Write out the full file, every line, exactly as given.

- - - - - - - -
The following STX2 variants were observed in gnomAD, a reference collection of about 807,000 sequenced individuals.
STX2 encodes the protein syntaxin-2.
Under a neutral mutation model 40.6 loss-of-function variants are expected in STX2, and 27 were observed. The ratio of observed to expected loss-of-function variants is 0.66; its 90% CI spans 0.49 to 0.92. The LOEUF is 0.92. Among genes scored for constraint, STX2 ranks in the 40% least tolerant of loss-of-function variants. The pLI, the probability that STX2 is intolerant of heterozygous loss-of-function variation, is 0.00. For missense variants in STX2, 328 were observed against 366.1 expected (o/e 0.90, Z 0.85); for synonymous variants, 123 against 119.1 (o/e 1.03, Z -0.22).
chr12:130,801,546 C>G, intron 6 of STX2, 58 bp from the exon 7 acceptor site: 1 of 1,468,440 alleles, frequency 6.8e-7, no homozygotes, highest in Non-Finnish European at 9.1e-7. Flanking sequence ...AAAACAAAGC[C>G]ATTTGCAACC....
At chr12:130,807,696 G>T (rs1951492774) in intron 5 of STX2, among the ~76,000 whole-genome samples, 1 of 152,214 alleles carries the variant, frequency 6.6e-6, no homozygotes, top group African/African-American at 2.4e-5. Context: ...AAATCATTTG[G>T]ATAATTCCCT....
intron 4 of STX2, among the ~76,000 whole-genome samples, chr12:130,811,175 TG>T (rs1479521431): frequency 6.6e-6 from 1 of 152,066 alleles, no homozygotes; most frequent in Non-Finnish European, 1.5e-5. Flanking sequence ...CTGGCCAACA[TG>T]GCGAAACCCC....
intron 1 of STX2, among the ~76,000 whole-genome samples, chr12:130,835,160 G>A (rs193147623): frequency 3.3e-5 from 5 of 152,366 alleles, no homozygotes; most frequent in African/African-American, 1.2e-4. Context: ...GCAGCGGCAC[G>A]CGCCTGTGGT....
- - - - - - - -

The following STX2 variants were observed in gnomAD, a reference collection of about 807,000 sequenced individuals.
STX2 encodes the protein syntaxin-2.
Under a neutral mutation model 40.6 loss-of-function variants are expected in STX2, and 27 were observed. The ratio of observed to expected loss-of-function variants is 0.66; its 90% CI spans 0.49 to 0.92. The LOEUF is 0.92. Among genes scored for constraint, STX2 ranks in the 40% least tolerant of loss-of-function variants. The pLI, the probability that STX2 is intolerant of heterozygous loss-of-function variation, is 0.00. For missense variants in STX2, 328 were observed against 366.1 expected (o/e 0.90, Z 0.85); for synonymous variants, 123 against 119.1 (o/e 1.03, Z -0.22).
chr12:130,801,546 C>G, intron 6 of STX2, 58 bp from the exon 7 acceptor site: 1 of 1,468,440 alleles, frequency 6.8e-7, no homozygotes, highest in Non-Finnish European at 9.1e-7. Flanking sequence ...AAAACAAAGC[C>G]ATTTGCAACC....
At chr12:130,807,696 G>T (rs1951492774) in intron 5 of STX2, among the ~76,000 whole-genome samples, 1 of 152,214 alleles carries the variant, frequency 6.6e-6, no homozygotes, top group African/African-American at 2.4e-5. Context: ...AAATCATTTG[G>T]ATAATTCCCT....
intron 4 of STX2, among the ~76,000 whole-genome samples, chr12:130,811,175 TG>T (rs1479521431): frequency 6.6e-6 from 1 of 152,066 alleles, no homozygotes; most frequent in Non-Finnish European, 1.5e-5. Flanking sequence ...CTGGCCAACA[TG>T]GCGAAACCCC....
intron 1 of STX2, among the ~76,000 whole-genome samples, chr12:130,835,160 G>A (rs193147623): frequency 3.3e-5 from 5 of 152,366 alleles, no homozygotes; most frequent in African/African-American, 1.2e-4. Context: ...GCAGCGGCAC[G>A]CGCCTGTGGT....